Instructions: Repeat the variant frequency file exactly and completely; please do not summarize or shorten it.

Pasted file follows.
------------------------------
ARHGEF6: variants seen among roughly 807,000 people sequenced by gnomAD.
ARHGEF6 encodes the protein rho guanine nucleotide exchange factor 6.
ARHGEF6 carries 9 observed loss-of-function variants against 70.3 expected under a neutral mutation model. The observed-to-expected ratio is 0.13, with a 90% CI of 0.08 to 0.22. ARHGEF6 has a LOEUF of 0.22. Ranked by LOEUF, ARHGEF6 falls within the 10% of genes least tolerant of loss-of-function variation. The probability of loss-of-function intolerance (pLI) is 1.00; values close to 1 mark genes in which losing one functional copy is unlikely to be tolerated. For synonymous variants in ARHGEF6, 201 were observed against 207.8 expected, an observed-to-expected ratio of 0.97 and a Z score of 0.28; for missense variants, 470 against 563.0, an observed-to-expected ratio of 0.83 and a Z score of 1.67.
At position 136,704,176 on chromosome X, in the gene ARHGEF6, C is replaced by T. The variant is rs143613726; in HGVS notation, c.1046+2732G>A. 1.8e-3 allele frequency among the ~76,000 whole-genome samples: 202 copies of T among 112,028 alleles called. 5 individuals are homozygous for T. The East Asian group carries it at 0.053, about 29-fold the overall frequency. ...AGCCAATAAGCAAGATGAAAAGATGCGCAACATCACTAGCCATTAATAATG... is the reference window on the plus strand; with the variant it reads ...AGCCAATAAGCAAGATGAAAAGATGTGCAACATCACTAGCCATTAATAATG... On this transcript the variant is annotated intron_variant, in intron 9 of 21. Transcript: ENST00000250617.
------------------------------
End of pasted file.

ARHGEF6: variants seen among roughly 807,000 people sequenced by gnomAD.
ARHGEF6 encodes the protein rho guanine nucleotide exchange factor 6.
ARHGEF6 carries 9 observed loss-of-function variants against 70.3 expected under a neutral mutation model. The observed-to-expected ratio is 0.13, with a 90% CI of 0.08 to 0.22. ARHGEF6 has a LOEUF of 0.22. Ranked by LOEUF, ARHGEF6 falls within the 10% of genes least tolerant of loss-of-function variation. The probability of loss-of-function intolerance (pLI) is 1.00; values close to 1 mark genes in which losing one functional copy is unlikely to be tolerated. For synonymous variants in ARHGEF6, 201 were observed against 207.8 expected, an observed-to-expected ratio of 0.97 and a Z score of 0.28; for missense variants, 470 against 563.0, an observed-to-expected ratio of 0.83 and a Z score of 1.67.
At position 136,704,176 on chromosome X, in the gene ARHGEF6, C is replaced by T. The variant is rs143613726; in HGVS notation, c.1046+2732G>A. 1.8e-3 allele frequency among the ~76,000 whole-genome samples: 202 copies of T among 112,028 alleles called. 5 individuals are homozygous for T. The East Asian group carries it at 0.053, about 29-fold the overall frequency. ...AGCCAATAAGCAAGATGAAAAGATGCGCAACATCACTAGCCATTAATAATG... is the reference window on the plus strand; with the variant it reads ...AGCCAATAAGCAAGATGAAAAGATGTGCAACATCACTAGCCATTAATAATG... On this transcript the variant is annotated intron_variant, in intron 9 of 21. Transcript: ENST00000250617.